TDS control with electrolytic hypochlorite generation
PWTAG Technical notes are updates or new material for the standards and guidance given in the PWTG book, Swimming Pool Water and the PWTAG Code of practice and should be read in association with these publications.
- Subject: TDS control with electrolytic hypochlorite generation
- Date: November 2014
Pools whose hypochlorite residual is generated in the plant room by electrolysing sodium chloride will tend to run with higher than normal levels of total dissolved solids (TDS). That should be allowed for, but also controlled. This note addresses the issue for the first time.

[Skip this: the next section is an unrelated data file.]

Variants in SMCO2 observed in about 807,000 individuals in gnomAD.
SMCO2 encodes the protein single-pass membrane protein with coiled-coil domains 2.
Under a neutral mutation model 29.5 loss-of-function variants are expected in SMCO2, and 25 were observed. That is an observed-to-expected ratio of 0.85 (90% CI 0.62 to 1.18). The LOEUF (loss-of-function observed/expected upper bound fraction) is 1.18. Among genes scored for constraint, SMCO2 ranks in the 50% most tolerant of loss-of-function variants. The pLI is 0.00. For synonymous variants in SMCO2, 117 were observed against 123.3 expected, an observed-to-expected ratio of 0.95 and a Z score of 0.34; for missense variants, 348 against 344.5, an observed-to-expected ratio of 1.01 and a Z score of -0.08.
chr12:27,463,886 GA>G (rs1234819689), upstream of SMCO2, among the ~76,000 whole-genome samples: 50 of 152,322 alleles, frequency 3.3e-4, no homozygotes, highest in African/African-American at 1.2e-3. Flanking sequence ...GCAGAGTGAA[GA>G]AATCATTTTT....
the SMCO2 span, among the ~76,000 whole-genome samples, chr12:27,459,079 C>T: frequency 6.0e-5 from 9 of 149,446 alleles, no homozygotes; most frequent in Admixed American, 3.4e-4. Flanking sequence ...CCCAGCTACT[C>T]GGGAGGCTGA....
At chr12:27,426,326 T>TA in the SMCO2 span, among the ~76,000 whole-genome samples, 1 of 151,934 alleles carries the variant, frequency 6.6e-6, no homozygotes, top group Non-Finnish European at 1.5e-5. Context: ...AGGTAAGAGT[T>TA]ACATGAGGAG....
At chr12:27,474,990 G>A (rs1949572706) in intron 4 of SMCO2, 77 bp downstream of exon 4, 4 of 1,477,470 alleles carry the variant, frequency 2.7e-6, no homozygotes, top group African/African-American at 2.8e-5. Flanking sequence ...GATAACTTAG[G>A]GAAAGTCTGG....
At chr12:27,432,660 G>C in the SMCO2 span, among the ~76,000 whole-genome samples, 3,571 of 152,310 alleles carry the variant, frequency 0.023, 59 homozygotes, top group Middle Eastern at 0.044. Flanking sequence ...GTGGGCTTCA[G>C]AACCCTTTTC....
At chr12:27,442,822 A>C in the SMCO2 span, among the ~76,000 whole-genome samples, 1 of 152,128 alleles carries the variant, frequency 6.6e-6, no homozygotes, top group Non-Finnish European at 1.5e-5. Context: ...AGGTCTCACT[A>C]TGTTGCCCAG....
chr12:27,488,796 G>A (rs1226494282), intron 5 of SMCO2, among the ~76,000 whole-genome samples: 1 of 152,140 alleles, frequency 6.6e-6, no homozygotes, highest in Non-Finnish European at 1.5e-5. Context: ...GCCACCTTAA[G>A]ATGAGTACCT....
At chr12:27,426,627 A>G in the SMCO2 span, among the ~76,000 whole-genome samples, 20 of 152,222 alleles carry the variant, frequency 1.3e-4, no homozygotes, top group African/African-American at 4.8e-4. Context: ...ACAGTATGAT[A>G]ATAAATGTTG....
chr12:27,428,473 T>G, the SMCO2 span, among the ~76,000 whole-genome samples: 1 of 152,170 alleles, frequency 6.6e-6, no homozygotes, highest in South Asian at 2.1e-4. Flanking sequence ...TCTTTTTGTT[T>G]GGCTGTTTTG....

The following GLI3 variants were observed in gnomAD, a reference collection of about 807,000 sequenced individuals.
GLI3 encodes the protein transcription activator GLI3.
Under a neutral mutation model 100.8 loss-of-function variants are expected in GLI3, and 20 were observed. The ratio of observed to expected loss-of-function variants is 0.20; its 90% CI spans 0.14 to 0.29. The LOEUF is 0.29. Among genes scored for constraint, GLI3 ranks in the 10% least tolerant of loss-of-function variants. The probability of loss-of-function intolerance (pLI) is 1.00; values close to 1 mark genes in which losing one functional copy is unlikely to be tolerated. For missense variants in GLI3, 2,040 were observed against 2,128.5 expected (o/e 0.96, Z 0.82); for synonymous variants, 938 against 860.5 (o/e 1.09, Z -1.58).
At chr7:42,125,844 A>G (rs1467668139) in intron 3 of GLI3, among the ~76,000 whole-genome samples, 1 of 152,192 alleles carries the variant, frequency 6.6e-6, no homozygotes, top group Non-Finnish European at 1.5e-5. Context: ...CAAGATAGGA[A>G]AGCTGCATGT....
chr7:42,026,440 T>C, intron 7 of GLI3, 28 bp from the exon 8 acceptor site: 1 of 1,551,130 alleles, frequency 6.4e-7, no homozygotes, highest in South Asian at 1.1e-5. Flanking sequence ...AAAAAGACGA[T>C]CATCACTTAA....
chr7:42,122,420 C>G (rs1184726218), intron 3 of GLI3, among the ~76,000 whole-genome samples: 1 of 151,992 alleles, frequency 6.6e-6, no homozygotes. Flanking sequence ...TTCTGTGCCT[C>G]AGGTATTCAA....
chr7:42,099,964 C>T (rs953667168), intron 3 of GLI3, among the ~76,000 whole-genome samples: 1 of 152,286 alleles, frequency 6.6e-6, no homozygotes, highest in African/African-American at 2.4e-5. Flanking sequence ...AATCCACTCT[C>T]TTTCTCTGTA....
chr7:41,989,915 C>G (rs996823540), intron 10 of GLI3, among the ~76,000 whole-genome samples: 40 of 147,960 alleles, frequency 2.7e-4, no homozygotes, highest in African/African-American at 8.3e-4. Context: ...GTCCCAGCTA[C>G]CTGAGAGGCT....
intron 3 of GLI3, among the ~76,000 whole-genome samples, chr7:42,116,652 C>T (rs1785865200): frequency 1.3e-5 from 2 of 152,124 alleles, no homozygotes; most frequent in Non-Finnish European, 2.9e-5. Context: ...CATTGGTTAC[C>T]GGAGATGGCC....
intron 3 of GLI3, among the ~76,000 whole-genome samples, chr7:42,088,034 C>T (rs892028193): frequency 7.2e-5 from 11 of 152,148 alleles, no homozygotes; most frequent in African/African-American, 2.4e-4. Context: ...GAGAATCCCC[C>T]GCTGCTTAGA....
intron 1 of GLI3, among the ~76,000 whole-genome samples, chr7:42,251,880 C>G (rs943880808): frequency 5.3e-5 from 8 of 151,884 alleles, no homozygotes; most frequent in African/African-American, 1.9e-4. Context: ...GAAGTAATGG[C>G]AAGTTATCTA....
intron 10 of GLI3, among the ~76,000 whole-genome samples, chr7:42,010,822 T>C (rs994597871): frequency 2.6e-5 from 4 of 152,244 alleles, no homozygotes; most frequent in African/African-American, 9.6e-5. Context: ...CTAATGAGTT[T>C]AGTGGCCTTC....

For conventional pools PWTAG’s guidelines recommend that TDS should not be allowed to rise more than 1,000mg/l above the source water (a figure that replaced a previously recommended absolute maximum of 3,000mg/l). This limit minimises corrosion, and also indicates that treatment chemicals are not being used in excess, to compensate for overloading.
This figure is unrealistic for pools using electrolysis. The figure now recommended is a maximum of 1,500mg/l above source water.
Pools in which hypochlorite is generated by electrolysis of sodium chloride in the pool water itself will necessarily operate with TDS levels well beyond anything dealt with in this note.
Both types of electrolysis demand attention to potential corrosion and to the safe venting of hydrogen. TDS is most reliably controlled by diluting with 30 litres of fresh water for each bather.